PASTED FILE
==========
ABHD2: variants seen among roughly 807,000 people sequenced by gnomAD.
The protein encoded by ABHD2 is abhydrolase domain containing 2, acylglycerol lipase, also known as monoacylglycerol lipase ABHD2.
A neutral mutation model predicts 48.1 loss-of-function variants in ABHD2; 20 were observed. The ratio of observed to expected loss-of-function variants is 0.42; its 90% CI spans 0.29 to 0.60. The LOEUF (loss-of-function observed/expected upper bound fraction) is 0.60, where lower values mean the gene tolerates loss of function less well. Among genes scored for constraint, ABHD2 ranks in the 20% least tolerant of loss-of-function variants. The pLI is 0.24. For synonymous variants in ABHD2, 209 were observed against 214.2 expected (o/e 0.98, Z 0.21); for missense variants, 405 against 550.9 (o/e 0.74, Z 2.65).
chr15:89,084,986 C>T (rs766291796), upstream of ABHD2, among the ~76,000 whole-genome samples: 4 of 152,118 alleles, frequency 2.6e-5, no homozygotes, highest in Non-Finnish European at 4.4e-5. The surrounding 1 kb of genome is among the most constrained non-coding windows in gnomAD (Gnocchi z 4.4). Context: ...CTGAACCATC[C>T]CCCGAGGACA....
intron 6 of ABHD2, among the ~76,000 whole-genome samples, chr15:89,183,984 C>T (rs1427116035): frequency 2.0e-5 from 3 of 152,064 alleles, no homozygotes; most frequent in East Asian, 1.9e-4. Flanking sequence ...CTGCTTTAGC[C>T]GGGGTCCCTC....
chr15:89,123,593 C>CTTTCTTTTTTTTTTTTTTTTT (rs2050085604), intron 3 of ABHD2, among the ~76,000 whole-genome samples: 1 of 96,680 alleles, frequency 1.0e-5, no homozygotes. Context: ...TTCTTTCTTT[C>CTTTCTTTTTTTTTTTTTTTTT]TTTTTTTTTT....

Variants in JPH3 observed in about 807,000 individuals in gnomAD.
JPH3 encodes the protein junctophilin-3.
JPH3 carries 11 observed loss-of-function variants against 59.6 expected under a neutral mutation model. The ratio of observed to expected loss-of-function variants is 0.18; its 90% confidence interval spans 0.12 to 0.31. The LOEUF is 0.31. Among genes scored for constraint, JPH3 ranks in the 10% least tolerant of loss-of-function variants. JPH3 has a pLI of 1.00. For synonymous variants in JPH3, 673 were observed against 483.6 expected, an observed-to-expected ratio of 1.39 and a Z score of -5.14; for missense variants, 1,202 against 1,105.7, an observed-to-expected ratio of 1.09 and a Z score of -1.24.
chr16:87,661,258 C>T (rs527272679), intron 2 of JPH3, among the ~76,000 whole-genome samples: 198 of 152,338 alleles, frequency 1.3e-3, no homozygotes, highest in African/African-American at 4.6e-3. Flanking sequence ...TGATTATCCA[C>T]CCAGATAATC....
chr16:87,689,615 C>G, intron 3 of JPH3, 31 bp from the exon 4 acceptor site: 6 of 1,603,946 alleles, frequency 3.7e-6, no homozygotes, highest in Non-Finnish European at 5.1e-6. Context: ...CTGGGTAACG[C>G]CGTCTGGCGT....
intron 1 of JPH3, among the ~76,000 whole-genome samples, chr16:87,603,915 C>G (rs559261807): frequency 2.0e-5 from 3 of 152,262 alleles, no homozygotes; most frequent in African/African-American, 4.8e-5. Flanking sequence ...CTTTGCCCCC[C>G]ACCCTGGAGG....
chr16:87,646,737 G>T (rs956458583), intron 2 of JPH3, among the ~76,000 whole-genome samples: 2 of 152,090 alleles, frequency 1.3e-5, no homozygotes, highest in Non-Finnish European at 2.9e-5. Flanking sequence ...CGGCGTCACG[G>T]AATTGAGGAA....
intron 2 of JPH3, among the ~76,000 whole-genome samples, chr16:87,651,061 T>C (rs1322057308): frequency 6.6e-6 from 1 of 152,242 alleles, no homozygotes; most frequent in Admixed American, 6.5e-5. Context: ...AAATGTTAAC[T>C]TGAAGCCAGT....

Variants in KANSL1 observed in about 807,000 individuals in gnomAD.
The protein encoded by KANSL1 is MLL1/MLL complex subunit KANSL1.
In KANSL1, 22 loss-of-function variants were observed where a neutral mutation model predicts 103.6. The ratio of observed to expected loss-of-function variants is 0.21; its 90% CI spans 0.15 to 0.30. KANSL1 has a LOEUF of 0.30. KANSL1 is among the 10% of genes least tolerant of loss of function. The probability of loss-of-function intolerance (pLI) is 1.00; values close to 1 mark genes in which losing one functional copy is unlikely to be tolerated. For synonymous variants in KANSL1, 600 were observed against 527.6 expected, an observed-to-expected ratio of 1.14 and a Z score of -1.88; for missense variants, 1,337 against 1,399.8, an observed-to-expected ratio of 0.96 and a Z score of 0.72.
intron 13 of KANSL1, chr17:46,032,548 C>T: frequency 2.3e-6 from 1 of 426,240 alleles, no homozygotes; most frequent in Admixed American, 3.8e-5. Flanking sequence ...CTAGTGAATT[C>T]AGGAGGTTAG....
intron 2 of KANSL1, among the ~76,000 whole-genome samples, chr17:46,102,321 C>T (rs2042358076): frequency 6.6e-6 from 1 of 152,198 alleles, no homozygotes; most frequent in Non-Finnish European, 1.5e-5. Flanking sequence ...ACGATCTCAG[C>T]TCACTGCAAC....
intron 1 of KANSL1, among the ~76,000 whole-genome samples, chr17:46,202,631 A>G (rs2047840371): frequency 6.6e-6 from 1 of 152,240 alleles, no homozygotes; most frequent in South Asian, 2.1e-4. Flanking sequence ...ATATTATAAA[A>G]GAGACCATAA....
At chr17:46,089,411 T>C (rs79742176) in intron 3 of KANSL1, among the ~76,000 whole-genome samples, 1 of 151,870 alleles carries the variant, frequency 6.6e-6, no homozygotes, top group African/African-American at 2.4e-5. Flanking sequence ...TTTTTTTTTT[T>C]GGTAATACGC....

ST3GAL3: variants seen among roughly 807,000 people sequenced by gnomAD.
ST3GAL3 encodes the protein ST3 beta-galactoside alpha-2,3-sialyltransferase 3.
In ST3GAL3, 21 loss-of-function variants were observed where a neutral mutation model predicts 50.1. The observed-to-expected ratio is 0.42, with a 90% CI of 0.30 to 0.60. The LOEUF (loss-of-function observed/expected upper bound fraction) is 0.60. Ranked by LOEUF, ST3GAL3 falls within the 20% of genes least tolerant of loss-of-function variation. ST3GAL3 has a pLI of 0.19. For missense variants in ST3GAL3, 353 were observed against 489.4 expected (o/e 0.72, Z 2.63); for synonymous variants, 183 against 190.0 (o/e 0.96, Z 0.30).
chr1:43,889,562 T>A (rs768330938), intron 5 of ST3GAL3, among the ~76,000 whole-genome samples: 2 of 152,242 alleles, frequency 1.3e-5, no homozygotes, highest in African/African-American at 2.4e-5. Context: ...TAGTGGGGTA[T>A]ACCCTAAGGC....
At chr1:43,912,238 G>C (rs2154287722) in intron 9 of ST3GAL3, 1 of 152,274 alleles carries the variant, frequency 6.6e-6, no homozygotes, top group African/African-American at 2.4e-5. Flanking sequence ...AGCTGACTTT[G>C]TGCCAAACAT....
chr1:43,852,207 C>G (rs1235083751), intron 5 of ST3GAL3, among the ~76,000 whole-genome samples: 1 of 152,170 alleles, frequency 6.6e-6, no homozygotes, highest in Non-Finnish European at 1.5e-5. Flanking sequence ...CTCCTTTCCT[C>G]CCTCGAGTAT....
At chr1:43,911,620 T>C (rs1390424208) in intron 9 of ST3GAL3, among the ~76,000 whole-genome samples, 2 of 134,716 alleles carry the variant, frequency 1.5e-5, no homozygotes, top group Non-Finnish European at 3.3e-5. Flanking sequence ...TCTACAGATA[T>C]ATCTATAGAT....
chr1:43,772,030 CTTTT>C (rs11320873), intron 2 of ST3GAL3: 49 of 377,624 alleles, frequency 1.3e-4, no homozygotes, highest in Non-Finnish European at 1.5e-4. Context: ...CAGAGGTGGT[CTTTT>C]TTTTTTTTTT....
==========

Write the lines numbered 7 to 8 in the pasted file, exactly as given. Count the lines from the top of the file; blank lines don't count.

Variants in JPH3 observed in about 807,000 individuals in gnomAD.
JPH3 encodes the protein junctophilin-3.